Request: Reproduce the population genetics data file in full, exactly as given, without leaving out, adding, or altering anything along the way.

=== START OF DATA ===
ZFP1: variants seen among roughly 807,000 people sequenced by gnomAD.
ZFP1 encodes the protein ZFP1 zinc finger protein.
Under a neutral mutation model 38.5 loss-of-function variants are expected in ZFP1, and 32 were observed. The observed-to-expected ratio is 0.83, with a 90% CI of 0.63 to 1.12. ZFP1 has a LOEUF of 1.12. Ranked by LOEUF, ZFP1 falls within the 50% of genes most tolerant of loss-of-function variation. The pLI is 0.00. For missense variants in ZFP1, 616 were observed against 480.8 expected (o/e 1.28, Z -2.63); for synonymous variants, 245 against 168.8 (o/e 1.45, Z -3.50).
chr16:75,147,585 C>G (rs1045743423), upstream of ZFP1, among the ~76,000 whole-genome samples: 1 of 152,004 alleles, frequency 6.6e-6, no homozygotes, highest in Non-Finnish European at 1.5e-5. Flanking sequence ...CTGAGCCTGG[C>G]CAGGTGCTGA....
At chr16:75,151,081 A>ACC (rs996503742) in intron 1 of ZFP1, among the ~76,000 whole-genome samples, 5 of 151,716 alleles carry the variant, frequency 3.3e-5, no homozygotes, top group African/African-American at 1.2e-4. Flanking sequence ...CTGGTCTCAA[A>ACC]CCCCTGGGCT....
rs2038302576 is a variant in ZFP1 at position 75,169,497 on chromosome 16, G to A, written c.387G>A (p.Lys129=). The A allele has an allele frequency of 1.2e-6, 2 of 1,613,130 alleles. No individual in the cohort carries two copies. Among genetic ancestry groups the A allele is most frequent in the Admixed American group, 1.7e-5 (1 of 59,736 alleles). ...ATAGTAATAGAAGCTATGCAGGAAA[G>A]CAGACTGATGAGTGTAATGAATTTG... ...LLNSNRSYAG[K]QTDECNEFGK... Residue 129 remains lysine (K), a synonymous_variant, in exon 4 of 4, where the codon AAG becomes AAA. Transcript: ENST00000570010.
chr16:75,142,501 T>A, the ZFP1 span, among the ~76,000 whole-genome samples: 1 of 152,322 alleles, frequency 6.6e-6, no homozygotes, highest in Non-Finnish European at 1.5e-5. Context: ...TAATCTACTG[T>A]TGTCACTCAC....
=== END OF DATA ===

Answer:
ZFP1: variants seen among roughly 807,000 people sequenced by gnomAD.
ZFP1 encodes the protein ZFP1 zinc finger protein.
Under a neutral mutation model 38.5 loss-of-function variants are expected in ZFP1, and 32 were observed. The observed-to-expected ratio is 0.83, with a 90% CI of 0.63 to 1.12. ZFP1 has a LOEUF of 1.12. Ranked by LOEUF, ZFP1 falls within the 50% of genes most tolerant of loss-of-function variation. The pLI is 0.00. For missense variants in ZFP1, 616 were observed against 480.8 expected (o/e 1.28, Z -2.63); for synonymous variants, 245 against 168.8 (o/e 1.45, Z -3.50).
chr16:75,147,585 C>G (rs1045743423), upstream of ZFP1, among the ~76,000 whole-genome samples: 1 of 152,004 alleles, frequency 6.6e-6, no homozygotes, highest in Non-Finnish European at 1.5e-5. Flanking sequence ...CTGAGCCTGG[C>G]CAGGTGCTGA....
At chr16:75,151,081 A>ACC (rs996503742) in intron 1 of ZFP1, among the ~76,000 whole-genome samples, 5 of 151,716 alleles carry the variant, frequency 3.3e-5, no homozygotes, top group African/African-American at 1.2e-4. Flanking sequence ...CTGGTCTCAA[A>ACC]CCCCTGGGCT....
rs2038302576 is a variant in ZFP1 at position 75,169,497 on chromosome 16, G to A, written c.387G>A (p.Lys129=). The A allele has an allele frequency of 1.2e-6, 2 of 1,613,130 alleles. No individual in the cohort carries two copies. Among genetic ancestry groups the A allele is most frequent in the Admixed American group, 1.7e-5 (1 of 59,736 alleles). ...ATAGTAATAGAAGCTATGCAGGAAA[G>A]CAGACTGATGAGTGTAATGAATTTG... ...LLNSNRSYAG[K]QTDECNEFGK... Residue 129 remains lysine (K), a synonymous_variant, in exon 4 of 4, where the codon AAG becomes AAA. Transcript: ENST00000570010.
chr16:75,142,501 T>A, the ZFP1 span, among the ~76,000 whole-genome samples: 1 of 152,322 alleles, frequency 6.6e-6, no homozygotes, highest in Non-Finnish European at 1.5e-5. Context: ...TAATCTACTG[T>A]TGTCACTCAC....